EDITORIAL: Dealing with the drug trade
The news in Barbados over the past few weeks has been about economic and financial issues. There was the Central Bank of Barbados’ half-yearly report, the downgrade of the country’s international credit rating, and even a plan to seek wages increases by one union in these tough times.
However, some of the most gripping and indeed running news items have been about the persistence by those in the alternative economy – the illegal drugs trade – to pursue their operations whether on land or the high seas, here in Barbados or a few hundred miles away in St Vincent and the Grenadines.
It is now accepted that whenever there are major cultural events in Barbados, there seems to be a high demand for marijuana from our neighbour. Indeed, Regional Security System (RSS) head Grantley Watson told the DAILY NATION that his agency expected the usual rise in activity at this time of year since drug transshipments usually increased during the Crop Over Festival.
Additionally, the illegal drugs trade brings with it the twin problem of illegal guns, which can only propel the cycle of violence.
We should not consider legalization, as some in society have suggested, since this will not solve the trafficking problem and may only add to a growing drug addiction headache. Simply incarcerating those caught in the growing, supplying, manufacturing and trading of illegal drugs will not bring the full solution.
We have to help the farmers growing the marijuana with development aid so they can switch to viable produce which would have a ready market and offer a decent standard of living. We also have to help the others benefiting throughout the illegal supply chain so they too can shift activity. This can only come through public education and a united front by leaders at all levels to speak strong against the illegal drugs trade.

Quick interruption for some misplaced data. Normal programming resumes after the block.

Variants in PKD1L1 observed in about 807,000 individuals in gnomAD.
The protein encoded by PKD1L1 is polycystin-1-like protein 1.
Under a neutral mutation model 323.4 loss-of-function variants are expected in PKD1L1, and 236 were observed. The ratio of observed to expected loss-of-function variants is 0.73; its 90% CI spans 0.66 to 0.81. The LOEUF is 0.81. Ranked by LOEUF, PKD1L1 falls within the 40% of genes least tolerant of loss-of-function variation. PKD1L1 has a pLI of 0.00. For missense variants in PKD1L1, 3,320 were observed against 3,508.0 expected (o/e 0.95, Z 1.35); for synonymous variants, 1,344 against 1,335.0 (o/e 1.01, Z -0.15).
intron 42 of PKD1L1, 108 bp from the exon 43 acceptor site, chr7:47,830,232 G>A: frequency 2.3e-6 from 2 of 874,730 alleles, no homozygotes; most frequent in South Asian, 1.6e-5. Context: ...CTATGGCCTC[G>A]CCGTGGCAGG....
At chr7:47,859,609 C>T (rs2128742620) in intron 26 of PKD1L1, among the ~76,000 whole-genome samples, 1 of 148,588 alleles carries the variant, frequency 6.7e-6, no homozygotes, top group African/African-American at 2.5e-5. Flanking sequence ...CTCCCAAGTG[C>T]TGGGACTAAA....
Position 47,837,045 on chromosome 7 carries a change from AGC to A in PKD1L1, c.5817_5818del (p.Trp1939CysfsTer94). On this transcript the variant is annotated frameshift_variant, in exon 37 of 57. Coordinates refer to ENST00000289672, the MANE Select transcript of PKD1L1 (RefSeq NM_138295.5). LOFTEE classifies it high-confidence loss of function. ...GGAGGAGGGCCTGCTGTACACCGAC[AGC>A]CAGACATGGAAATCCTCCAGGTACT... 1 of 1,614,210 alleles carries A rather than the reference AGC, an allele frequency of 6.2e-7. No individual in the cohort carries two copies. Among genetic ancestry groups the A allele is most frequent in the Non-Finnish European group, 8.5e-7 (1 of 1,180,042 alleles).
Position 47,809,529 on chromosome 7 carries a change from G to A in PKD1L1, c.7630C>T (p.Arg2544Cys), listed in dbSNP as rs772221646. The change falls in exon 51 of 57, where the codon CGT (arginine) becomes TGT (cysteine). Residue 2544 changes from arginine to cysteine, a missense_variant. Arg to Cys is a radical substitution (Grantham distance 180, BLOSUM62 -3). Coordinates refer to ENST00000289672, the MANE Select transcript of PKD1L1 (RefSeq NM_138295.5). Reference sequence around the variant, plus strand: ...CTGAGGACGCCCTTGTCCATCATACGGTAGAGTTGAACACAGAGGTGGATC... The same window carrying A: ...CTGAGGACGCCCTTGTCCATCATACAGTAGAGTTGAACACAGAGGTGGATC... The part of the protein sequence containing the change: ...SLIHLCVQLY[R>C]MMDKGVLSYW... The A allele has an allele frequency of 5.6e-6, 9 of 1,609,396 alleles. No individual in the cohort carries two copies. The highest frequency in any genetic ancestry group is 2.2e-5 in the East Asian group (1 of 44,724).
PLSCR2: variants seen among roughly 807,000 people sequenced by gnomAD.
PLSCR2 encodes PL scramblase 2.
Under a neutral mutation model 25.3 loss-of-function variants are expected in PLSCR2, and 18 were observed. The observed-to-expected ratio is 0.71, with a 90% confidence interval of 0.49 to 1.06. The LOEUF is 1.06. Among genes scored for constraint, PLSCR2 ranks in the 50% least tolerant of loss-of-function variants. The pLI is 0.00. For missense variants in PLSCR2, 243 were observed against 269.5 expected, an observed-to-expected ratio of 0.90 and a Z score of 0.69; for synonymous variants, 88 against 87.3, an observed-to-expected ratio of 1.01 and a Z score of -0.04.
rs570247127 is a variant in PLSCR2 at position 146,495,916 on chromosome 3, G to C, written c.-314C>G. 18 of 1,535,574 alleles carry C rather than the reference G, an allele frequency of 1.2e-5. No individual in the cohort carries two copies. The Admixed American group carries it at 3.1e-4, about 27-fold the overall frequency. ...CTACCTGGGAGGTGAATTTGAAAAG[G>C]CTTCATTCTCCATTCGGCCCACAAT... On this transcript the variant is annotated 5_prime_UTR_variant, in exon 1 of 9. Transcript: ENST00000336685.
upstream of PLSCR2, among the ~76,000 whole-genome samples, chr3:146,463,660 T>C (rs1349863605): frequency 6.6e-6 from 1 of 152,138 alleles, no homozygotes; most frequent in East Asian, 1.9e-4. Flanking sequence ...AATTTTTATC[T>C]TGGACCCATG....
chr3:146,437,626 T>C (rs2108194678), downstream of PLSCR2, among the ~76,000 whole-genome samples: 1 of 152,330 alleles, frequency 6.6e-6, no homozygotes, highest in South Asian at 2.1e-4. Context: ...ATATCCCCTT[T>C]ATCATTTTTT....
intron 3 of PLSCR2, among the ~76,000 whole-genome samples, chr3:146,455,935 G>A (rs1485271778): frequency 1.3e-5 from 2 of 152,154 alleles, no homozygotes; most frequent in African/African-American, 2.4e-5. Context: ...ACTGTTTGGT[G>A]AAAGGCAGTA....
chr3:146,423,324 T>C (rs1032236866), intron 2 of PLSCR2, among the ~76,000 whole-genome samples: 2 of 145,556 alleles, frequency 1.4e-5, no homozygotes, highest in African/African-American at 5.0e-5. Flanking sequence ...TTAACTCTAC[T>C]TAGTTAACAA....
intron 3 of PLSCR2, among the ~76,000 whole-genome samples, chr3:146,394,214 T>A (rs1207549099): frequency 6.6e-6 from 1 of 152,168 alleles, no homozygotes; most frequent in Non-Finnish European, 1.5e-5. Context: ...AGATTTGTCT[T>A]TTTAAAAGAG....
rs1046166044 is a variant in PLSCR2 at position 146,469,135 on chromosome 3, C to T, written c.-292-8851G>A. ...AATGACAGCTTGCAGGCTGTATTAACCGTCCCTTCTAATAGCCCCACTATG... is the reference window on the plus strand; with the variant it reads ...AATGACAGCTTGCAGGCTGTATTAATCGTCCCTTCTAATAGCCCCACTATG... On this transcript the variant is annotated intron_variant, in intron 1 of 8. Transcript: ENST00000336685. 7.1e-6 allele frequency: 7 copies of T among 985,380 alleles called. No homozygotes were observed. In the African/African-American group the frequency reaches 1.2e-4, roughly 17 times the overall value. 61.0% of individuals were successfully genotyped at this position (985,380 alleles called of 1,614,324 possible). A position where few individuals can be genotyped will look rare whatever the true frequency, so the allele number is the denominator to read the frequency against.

It is also going to be important for member states of the RSS to not only make full use of its services, but also to pay up fully to the organization despite their tight budgetary constraints.
However, we need even more. Prime Minister Dr Ralph Gonsalves of St Vincent – whose country is party to a number of United Nations drug conventions and has also signed on to a number of other hemispheric conventions aimed at fighting organized crime – needs to speak to how his government intends to further fight this scourge.
Additionally, lawmakers in both countries need to ensure that we have updated criminal codes that make use of regional best practices in fighting transnational organized crime.
Certainly, we need to have more civil litigation leading to the forfeiture of ill-gotten gains from those in the illegal drugs business. The outcomes must be made public.